Richard Ellis plenary: Let There Be Light: The Observational Quest for the First Galaxies

A plenary talk from SPIE Astronomical Telescopes + Instrumentation 2016

22 July 2016

The first billion years after the Big Bang can be regarded as the final observational frontier in assembling a coherent picture of cosmic history. During this period, early stars and galaxies formed and the Universe became bathed in ultraviolet light for the first time. Sometime during this era, hydrogen in the intergalactic medium also transitioned from a neutral gas to one that was fully ionized. How and when did this `cosmic reionization' occur and were early star-forming galaxies the primary agents?

Deep exposures with the Hubble Space Telescope have provided the primary evidence that star-forming galaxies were present during the relevant period. Detailed spectroscopy of these galaxies is now required to address these important questions. In this plenary session, Richard Ellis of the European Southern Observatory reviews the rapid progress being made in this area with current facilities, and the prospects with upcoming ones, including the James Webb Space Telescope and extremely large ground-based telescopes now under construction.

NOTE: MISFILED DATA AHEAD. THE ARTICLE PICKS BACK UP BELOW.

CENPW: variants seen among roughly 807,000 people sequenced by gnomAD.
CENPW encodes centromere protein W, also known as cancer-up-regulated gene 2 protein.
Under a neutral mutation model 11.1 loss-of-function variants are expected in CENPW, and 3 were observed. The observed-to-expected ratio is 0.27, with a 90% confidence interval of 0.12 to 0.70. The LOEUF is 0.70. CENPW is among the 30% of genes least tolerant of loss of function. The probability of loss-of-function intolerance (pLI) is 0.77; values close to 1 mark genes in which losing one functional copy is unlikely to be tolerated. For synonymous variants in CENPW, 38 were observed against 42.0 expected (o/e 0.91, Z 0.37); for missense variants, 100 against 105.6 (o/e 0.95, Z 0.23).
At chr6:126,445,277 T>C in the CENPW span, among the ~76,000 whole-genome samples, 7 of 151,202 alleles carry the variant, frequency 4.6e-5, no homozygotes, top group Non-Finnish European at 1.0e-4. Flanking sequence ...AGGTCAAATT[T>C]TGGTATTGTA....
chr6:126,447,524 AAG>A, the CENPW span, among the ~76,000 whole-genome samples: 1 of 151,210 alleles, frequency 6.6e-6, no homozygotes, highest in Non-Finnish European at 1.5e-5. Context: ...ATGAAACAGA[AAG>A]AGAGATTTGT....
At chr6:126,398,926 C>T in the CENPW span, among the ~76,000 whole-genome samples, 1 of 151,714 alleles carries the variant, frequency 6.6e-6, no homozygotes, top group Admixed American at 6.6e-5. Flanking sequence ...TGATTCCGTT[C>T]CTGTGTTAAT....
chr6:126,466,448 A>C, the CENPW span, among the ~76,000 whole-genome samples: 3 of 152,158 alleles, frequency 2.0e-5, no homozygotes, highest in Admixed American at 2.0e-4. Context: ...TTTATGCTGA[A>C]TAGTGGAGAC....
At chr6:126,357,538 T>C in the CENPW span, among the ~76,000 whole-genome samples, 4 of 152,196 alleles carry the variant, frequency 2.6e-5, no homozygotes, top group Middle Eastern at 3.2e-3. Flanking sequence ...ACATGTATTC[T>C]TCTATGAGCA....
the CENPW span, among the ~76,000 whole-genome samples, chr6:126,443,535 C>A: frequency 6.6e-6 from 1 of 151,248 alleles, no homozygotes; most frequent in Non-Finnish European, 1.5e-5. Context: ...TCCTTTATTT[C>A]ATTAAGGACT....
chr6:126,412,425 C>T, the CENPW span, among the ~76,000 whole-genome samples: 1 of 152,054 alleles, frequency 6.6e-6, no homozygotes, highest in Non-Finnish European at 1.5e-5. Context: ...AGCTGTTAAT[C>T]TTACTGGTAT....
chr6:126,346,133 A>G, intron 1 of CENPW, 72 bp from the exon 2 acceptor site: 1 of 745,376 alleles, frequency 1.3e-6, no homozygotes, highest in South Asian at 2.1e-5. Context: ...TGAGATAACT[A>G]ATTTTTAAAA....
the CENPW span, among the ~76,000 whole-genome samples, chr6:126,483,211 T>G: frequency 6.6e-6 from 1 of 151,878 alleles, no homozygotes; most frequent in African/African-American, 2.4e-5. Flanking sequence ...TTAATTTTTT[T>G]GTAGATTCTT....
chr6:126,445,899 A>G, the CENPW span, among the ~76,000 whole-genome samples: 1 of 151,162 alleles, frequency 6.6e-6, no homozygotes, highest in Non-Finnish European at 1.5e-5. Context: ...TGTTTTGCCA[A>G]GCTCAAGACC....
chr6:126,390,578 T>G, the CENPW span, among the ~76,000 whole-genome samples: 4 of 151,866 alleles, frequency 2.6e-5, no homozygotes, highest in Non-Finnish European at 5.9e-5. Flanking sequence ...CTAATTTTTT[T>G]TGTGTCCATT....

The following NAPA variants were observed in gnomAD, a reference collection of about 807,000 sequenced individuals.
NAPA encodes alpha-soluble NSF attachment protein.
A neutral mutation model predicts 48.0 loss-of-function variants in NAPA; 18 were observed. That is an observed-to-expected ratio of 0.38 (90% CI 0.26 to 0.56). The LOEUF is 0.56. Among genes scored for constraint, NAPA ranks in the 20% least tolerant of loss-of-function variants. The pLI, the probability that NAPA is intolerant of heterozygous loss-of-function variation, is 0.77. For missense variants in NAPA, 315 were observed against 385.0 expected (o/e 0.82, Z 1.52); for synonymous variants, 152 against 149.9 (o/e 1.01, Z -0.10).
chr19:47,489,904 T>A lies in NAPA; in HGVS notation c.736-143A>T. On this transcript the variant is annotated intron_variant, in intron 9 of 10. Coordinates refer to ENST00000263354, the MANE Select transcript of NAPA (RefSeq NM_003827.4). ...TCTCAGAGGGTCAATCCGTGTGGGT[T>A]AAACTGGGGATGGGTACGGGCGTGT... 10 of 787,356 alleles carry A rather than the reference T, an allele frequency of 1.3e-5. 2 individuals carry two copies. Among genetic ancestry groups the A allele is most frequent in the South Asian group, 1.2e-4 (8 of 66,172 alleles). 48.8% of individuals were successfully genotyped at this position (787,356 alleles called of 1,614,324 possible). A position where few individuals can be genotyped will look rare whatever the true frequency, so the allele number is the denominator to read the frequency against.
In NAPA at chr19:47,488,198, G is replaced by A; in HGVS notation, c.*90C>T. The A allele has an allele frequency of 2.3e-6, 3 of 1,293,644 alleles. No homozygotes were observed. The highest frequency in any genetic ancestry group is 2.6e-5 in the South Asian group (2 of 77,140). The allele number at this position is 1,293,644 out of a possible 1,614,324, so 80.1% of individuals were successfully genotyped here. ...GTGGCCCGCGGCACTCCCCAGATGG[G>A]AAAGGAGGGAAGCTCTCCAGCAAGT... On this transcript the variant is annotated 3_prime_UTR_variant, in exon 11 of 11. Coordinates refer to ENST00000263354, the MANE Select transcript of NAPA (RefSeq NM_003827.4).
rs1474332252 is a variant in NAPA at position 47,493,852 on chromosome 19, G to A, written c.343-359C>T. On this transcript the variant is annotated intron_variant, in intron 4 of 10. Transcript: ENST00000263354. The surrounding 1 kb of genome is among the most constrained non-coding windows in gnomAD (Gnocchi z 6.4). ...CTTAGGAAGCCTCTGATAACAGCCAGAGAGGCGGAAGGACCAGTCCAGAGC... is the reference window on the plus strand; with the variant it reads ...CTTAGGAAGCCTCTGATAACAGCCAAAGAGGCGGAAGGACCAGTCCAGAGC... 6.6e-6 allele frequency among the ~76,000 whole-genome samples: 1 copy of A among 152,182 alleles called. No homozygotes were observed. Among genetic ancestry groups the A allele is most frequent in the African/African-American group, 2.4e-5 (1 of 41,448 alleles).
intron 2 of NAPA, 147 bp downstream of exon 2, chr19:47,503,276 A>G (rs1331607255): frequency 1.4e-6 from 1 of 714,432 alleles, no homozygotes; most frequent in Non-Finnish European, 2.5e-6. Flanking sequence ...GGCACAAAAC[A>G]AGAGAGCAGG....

Richard Ellis studied at London and Oxford Universities and served as a professor and department head at Durham and Cambridge Universities. He moved to Caltech in 1999 to assist in developing the ThirtyMeter Telescope and was Director, Caltech Optical Observatories from 2000-2006. He returned to University College London in 2015 and is currently on leave as Senior Scientist at the European Southern Observatory.

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